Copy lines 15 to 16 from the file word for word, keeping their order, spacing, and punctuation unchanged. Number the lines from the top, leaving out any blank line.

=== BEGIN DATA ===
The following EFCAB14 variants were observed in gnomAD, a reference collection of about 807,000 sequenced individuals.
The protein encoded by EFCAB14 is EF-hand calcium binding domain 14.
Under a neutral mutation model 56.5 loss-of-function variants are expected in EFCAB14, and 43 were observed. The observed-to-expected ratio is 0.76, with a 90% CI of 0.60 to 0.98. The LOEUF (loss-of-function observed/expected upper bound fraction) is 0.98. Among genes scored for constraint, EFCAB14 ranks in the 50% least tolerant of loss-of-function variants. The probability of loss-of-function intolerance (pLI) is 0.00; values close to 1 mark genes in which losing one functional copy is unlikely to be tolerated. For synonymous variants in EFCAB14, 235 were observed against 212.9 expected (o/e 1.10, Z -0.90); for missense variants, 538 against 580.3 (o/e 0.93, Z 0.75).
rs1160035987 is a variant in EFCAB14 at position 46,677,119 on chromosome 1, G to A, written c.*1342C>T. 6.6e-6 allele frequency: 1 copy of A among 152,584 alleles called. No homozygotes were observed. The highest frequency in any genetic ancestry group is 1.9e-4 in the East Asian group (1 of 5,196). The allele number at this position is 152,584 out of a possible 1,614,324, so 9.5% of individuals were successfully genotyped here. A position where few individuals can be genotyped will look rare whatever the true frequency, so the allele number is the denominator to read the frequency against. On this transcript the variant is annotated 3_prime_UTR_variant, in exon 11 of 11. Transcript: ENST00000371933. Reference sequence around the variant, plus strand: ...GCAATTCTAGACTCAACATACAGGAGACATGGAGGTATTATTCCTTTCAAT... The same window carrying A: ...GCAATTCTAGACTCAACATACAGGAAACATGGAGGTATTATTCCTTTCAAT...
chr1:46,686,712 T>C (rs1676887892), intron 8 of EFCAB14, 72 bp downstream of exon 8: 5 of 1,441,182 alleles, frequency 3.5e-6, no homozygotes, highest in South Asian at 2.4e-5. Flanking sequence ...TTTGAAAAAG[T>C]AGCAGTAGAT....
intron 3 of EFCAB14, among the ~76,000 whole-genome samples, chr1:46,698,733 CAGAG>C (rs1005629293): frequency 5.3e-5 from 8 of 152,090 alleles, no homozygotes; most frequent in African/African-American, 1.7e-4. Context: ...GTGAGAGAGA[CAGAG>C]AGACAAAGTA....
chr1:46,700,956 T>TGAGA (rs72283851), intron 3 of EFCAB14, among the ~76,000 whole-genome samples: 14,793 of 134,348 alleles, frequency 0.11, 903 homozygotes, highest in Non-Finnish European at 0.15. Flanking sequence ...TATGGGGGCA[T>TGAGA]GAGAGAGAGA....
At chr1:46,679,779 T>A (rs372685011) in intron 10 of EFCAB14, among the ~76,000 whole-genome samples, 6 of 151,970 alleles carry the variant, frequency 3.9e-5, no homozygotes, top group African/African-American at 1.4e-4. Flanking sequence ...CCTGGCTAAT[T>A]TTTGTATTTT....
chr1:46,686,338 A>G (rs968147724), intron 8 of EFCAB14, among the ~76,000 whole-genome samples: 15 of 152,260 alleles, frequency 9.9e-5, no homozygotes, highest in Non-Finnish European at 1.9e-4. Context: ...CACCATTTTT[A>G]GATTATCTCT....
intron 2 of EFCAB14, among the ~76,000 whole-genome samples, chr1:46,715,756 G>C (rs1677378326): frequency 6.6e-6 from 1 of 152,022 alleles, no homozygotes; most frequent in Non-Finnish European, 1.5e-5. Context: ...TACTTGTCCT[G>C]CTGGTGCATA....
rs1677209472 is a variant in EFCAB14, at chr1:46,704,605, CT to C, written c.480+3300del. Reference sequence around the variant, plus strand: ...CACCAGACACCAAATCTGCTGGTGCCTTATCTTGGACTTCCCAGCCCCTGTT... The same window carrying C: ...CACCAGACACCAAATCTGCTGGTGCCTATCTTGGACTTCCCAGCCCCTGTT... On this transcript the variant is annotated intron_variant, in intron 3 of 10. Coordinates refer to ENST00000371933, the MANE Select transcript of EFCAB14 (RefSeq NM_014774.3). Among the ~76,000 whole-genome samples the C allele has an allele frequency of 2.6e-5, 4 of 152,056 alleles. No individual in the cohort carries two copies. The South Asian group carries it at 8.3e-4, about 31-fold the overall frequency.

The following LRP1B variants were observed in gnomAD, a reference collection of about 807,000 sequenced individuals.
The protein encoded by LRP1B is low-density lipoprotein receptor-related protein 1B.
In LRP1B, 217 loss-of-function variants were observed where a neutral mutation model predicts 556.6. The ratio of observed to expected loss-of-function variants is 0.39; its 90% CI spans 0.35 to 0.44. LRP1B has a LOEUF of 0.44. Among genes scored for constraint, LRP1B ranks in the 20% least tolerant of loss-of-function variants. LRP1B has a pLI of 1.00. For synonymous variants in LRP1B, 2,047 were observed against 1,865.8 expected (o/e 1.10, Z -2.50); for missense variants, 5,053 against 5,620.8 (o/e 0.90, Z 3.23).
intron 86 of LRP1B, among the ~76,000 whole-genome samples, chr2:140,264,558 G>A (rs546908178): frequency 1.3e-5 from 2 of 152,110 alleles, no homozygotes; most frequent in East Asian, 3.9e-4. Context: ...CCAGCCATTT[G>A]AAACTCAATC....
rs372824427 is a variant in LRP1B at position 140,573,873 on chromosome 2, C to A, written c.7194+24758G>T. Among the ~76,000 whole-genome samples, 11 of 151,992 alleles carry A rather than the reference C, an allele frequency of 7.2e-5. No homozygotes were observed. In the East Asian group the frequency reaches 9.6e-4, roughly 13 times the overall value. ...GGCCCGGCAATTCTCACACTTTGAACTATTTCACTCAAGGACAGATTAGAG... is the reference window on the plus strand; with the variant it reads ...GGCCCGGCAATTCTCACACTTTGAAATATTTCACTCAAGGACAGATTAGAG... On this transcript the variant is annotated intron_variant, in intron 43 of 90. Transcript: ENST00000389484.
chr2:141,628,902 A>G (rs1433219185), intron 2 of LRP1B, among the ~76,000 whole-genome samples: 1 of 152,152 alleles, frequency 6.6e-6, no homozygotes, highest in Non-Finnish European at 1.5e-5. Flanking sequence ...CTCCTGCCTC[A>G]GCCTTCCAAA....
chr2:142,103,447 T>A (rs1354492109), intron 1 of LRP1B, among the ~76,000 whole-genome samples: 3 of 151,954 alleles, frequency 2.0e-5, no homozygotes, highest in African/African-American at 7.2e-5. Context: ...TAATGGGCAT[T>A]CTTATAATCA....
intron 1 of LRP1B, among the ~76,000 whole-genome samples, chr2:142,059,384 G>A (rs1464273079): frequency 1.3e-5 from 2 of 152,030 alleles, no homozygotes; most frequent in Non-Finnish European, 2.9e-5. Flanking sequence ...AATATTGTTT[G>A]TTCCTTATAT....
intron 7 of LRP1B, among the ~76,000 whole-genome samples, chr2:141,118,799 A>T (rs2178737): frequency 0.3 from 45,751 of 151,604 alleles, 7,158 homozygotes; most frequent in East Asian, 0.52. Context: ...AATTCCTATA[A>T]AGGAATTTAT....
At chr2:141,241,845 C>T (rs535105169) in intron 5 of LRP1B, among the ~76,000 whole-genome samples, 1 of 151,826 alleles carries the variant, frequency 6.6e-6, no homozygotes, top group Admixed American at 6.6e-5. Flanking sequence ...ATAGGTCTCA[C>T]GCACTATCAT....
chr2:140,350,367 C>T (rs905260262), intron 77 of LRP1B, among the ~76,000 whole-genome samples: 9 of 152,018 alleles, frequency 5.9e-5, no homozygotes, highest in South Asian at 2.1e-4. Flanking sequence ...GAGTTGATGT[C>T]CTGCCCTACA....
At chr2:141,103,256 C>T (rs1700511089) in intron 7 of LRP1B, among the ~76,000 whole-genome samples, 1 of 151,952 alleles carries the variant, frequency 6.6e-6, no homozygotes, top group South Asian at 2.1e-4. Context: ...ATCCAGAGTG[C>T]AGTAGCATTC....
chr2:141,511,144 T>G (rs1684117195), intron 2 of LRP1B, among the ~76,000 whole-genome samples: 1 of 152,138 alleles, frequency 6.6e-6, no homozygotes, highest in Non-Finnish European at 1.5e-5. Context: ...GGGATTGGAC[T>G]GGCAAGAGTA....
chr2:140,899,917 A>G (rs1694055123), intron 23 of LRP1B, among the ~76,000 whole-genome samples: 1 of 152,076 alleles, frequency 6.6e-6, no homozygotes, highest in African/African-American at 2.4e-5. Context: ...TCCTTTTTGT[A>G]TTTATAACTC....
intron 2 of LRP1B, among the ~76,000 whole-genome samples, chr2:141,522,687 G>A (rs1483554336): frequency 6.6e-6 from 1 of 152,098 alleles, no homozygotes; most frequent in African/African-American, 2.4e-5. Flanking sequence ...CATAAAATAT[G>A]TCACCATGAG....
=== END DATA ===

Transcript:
intron 86 of LRP1B, among the ~76,000 whole-genome samples, chr2:140,264,558 G>A (rs546908178): frequency 1.3e-5 from 2 of 152,110 alleles, no homozygotes; most frequent in East Asian, 3.9e-4. Context: ...CCAGCCATTT[G>A]AAACTCAATC....
rs372824427 is a variant in LRP1B at position 140,573,873 on chromosome 2, C to A, written c.7194+24758G>T. Among the ~76,000 whole-genome samples, 11 of 151,992 alleles carry A rather than the reference C, an allele frequency of 7.2e-5. No homozygotes were observed. In the East Asian group the frequency reaches 9.6e-4, roughly 13 times the overall value. ...GGCCCGGCAATTCTCACACTTTGAACTATTTCACTCAAGGACAGATTAGAG... is the reference window on the plus strand; with the variant it reads ...GGCCCGGCAATTCTCACACTTTGAAATATTTCACTCAAGGACAGATTAGAG... On this transcript the variant is annotated intron_variant, in intron 43 of 90. Transcript: ENST00000389484.